Uranium Energy Corp. (NYSE-American: UEC) is trading substantially higher on last week’s approval of the American Nuclear Infrastructure Act that, among other provisions, advances the federal initiative to establish a US$1.5B national uranium reserve.
Under the Act, the US Department of Energy will be restricted to buy only uranium recovered from facilities licensed by the Nuclear Regulatory Commission (NRC) or equivalent state agencies as of the date of enactment.
Importantly, uranium from companies owned, controlled, or subject to jurisdictions in Russia and China are excluded from participating in the program.
This is welcome news to US-based Uranium Energy Corporation (UEC) which has multiple permitted uranium projects on American soil including the Reno Creek project, Wyoming — considered the largest permitted, pre-construction ISR (In-situ recovery) uranium project in the United States.
From an investor standpoint, it’s important to note that – due to consolidation in the North American uranium industry over the last decade – UEC is one of only a handful of US-based uranium companies positioned to become a near-term producer and contributor to the new national uranium reserve.
“The bipartisan Nuclear Infrastructure Act is broad reaching legislation, important for supporting the US nuclear fuel industry, national security and clean energy. The legislation will provide a clear path for implementation of the US Uranium Reserve and provide a strong platform to revitalize the US Uranium Industry. UEC’s fully licensed and low-cost ISR projects in Texas and Wyoming, ideally position the Company to be a competitive supplier to the US Uranium Reserve in addition to meeting the needs of US and global utilities. ”
Since the December 3rd announcement, UEC shares have increased by approximately 27% – going from $1.10 to $1.40 per share – on strong average daily trading volume.
Additional near-term catalysts for UEC include:
Advancement of the Palangana, Goliad, and Burke Hollow projects, Texas.
Advancement of the Reno Creek project, Wyoming, where the fully permitted portion of the project boasts 23.97 million tons grading 0.04% U3O8 containing 18.71 million pounds.
Higher uranium prices resulting from continued supply disruption coupled with strong demand; price increase from ~24/lb to ~30/lb thus far in 2020.
On the infrastructure front, all of UEC’s Texas operations are anchored by the company’s fully licensed and permitted Hobson Processing Plant (below).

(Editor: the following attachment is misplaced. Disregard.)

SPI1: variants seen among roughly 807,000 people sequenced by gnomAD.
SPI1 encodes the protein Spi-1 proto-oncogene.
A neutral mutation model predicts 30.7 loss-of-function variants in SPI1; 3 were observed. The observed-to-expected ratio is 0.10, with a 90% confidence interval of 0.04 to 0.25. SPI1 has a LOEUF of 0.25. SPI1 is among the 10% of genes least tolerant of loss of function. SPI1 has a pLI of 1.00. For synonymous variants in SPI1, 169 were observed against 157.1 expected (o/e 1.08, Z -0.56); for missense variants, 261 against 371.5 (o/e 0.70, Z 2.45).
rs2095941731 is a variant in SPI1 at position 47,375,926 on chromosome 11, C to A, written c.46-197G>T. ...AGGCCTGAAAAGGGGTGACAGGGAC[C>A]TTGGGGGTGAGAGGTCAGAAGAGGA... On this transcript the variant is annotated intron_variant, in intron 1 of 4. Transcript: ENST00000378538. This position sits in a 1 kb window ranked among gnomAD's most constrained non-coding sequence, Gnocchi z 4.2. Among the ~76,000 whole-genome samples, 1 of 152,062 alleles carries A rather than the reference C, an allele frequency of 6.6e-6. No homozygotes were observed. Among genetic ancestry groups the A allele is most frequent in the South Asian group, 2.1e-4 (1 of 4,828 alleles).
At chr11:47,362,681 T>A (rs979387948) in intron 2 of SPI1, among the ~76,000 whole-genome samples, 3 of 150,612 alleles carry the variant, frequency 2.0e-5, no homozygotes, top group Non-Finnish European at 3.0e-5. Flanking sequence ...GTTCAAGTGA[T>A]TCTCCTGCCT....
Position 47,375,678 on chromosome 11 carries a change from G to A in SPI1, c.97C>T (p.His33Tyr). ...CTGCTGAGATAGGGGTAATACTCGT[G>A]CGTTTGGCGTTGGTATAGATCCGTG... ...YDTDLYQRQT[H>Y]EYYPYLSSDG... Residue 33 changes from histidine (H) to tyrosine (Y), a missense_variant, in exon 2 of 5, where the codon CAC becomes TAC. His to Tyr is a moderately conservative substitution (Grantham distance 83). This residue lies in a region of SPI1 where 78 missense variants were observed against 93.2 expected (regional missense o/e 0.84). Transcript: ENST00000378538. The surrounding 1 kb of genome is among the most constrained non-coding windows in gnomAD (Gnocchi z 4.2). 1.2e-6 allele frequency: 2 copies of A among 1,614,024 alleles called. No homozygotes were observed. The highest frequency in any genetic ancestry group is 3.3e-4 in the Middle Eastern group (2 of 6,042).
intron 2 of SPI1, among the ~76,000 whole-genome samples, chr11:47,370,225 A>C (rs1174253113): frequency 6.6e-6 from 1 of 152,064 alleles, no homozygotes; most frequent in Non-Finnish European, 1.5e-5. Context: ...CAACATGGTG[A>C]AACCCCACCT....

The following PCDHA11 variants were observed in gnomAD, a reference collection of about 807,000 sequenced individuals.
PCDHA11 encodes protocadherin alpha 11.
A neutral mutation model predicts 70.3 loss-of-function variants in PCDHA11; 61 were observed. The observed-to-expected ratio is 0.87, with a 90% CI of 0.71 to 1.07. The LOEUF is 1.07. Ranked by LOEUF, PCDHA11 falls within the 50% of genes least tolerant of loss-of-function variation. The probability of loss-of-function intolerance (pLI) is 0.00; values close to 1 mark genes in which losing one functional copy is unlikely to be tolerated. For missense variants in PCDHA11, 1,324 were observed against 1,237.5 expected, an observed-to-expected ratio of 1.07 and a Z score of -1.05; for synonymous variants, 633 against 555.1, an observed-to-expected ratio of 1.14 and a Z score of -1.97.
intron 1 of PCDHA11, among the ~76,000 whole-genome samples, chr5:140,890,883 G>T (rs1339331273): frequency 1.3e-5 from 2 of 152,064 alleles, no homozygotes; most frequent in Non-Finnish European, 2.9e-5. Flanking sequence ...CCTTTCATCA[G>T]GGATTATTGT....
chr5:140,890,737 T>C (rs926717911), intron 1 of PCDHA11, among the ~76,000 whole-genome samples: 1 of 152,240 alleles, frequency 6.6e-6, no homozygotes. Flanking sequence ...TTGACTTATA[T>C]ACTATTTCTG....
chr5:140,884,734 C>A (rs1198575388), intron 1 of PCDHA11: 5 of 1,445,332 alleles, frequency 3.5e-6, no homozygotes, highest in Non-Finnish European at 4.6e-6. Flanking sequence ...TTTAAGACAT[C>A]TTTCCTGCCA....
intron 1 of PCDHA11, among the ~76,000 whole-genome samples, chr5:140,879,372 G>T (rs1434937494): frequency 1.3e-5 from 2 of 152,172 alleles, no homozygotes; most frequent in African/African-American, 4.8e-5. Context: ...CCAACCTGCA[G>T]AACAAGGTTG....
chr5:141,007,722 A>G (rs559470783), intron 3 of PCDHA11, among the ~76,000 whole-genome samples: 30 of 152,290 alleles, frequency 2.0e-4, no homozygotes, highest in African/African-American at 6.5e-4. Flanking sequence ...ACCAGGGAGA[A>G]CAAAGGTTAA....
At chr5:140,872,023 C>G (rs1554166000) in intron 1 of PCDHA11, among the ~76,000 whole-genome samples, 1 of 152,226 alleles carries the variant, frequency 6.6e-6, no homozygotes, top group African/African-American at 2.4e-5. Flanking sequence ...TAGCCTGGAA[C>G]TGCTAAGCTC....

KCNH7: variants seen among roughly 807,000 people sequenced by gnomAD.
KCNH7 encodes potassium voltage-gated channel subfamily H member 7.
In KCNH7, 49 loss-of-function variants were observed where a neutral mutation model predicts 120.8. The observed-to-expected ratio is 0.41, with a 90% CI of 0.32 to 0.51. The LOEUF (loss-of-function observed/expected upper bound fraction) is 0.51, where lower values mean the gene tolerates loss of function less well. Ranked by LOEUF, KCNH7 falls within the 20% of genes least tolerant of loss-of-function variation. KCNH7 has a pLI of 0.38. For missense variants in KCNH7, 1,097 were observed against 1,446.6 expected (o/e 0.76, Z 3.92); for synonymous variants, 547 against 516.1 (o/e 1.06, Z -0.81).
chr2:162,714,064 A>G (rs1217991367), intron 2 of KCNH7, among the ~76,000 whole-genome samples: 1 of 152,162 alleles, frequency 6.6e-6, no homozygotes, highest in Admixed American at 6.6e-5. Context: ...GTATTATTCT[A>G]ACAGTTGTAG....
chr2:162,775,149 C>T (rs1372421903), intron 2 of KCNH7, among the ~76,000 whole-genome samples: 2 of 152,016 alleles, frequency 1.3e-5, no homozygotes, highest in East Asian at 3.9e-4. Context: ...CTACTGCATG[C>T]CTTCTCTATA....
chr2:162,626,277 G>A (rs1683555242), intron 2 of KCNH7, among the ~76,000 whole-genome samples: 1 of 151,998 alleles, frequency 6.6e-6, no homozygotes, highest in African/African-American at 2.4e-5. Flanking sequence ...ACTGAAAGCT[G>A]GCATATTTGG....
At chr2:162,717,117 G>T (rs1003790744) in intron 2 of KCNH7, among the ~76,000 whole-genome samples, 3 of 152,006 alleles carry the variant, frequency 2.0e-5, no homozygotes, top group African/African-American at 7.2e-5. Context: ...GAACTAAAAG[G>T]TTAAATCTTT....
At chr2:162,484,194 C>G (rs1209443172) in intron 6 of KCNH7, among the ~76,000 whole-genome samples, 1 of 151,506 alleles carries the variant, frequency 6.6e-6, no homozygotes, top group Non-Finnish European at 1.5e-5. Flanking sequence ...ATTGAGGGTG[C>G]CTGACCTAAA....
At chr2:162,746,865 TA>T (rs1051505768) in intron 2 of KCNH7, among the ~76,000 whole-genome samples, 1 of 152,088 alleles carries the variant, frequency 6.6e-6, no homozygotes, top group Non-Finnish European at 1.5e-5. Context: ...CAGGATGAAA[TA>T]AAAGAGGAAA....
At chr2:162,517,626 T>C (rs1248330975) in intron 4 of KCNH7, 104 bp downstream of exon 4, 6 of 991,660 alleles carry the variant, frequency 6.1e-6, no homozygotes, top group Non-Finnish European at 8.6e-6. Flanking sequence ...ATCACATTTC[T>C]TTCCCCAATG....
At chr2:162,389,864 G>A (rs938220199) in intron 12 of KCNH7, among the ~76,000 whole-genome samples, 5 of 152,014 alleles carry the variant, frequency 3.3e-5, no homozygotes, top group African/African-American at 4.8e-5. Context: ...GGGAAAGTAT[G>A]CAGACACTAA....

UEC’s fully operational Hobson Processing Plant (2MM/lbs U3O8 capacity per annum) is central to all of the company’s in-situ recovery in South Texas, including the Palangana mine, the fully-permitted Goliad project, the Burke Hollow project which is undergoing production permitting, as well as three other South Texas projects in the pipeline.
With no less than four fully-permitted ISR uranium projects in the US with a 4MM/lb per year production profile – now is an opportune time to be taking a closer look at Uranium Energy Corp. (NYSE-American: UEC) as a potential future leader in America’s resurgent uranium sector.
Our own Gerardo Del Real of Junior Resource Monthly sat down with UEC chairman & CEO, Amir Adnani, for an in-depth discussion on all things uranium.
GDR: I'm well. I'm excited… the last time you and I spoke, I think we were still in a uranium bear market. Since then, your stock has surged — UEC stock.
There's been bipartisan support to re-establish the American Nuclear Infrastructure Act; aims to re-establish a US National Strategic Uranium Reserve. A lot there. I would love to get your take on whether you believe we're finally on the cusp of what a lot of people have called for, for many years – I thought we'd get it this year, and I've been wrong thus far – and that's a uranium bull market.
AA: Well, the numbers speak for themselves, don't they? The uranium spot price at $29.50 – just short of that $30 mark, which it did cross and go higher than that earlier this year – as you know.
It's up about 13% year-to-date; it's actually up about 66% over the November 2016 lows. In hindsight, November 2016 – when the uranium spot price… it’s hard to imagine it got to $17.75 per pound – so in hindsight, now I think we can see that 2016 was the low point of this most recent bear market that we've been in.